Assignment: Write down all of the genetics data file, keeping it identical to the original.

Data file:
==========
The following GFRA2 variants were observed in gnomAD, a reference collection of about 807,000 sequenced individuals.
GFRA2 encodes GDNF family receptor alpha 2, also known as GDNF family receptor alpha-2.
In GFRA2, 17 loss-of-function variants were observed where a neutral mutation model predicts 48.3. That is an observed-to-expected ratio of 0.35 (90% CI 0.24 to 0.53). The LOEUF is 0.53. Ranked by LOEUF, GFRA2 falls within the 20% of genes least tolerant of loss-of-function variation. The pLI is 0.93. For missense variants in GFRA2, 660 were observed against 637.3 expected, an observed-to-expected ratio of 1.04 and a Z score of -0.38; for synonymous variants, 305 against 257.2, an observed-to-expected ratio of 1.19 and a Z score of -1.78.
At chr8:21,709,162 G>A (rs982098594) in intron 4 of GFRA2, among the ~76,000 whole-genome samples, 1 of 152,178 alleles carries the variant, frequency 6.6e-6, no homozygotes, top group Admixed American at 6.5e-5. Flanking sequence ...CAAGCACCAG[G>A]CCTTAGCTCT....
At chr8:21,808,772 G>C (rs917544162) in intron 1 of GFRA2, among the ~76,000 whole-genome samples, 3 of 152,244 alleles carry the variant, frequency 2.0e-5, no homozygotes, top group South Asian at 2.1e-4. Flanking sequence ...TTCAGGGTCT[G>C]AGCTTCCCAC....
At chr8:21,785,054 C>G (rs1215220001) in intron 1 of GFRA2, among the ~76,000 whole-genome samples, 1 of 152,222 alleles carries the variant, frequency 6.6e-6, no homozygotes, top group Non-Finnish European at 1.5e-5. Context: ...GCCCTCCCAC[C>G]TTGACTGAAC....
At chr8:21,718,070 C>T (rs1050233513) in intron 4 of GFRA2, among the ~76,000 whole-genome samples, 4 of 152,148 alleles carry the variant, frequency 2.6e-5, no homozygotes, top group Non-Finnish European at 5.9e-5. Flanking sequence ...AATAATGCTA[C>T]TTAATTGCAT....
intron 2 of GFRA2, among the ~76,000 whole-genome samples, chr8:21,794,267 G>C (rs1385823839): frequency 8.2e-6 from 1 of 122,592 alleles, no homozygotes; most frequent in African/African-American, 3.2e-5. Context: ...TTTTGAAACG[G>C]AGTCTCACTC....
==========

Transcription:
The following GFRA2 variants were observed in gnomAD, a reference collection of about 807,000 sequenced individuals.
GFRA2 encodes GDNF family receptor alpha 2, also known as GDNF family receptor alpha-2.
In GFRA2, 17 loss-of-function variants were observed where a neutral mutation model predicts 48.3. That is an observed-to-expected ratio of 0.35 (90% CI 0.24 to 0.53). The LOEUF is 0.53. Ranked by LOEUF, GFRA2 falls within the 20% of genes least tolerant of loss-of-function variation. The pLI is 0.93. For missense variants in GFRA2, 660 were observed against 637.3 expected, an observed-to-expected ratio of 1.04 and a Z score of -0.38; for synonymous variants, 305 against 257.2, an observed-to-expected ratio of 1.19 and a Z score of -1.78.
At chr8:21,709,162 G>A (rs982098594) in intron 4 of GFRA2, among the ~76,000 whole-genome samples, 1 of 152,178 alleles carries the variant, frequency 6.6e-6, no homozygotes, top group Admixed American at 6.5e-5. Flanking sequence ...CAAGCACCAG[G>A]CCTTAGCTCT....
At chr8:21,808,772 G>C (rs917544162) in intron 1 of GFRA2, among the ~76,000 whole-genome samples, 3 of 152,244 alleles carry the variant, frequency 2.0e-5, no homozygotes, top group South Asian at 2.1e-4. Flanking sequence ...TTCAGGGTCT[G>C]AGCTTCCCAC....
At chr8:21,785,054 C>G (rs1215220001) in intron 1 of GFRA2, among the ~76,000 whole-genome samples, 1 of 152,222 alleles carries the variant, frequency 6.6e-6, no homozygotes, top group Non-Finnish European at 1.5e-5. Context: ...GCCCTCCCAC[C>G]TTGACTGAAC....
At chr8:21,718,070 C>T (rs1050233513) in intron 4 of GFRA2, among the ~76,000 whole-genome samples, 4 of 152,148 alleles carry the variant, frequency 2.6e-5, no homozygotes, top group Non-Finnish European at 5.9e-5. Flanking sequence ...AATAATGCTA[C>T]TTAATTGCAT....
intron 2 of GFRA2, among the ~76,000 whole-genome samples, chr8:21,794,267 G>C (rs1385823839): frequency 8.2e-6 from 1 of 122,592 alleles, no homozygotes; most frequent in African/African-American, 3.2e-5. Context: ...TTTTGAAACG[G>C]AGTCTCACTC....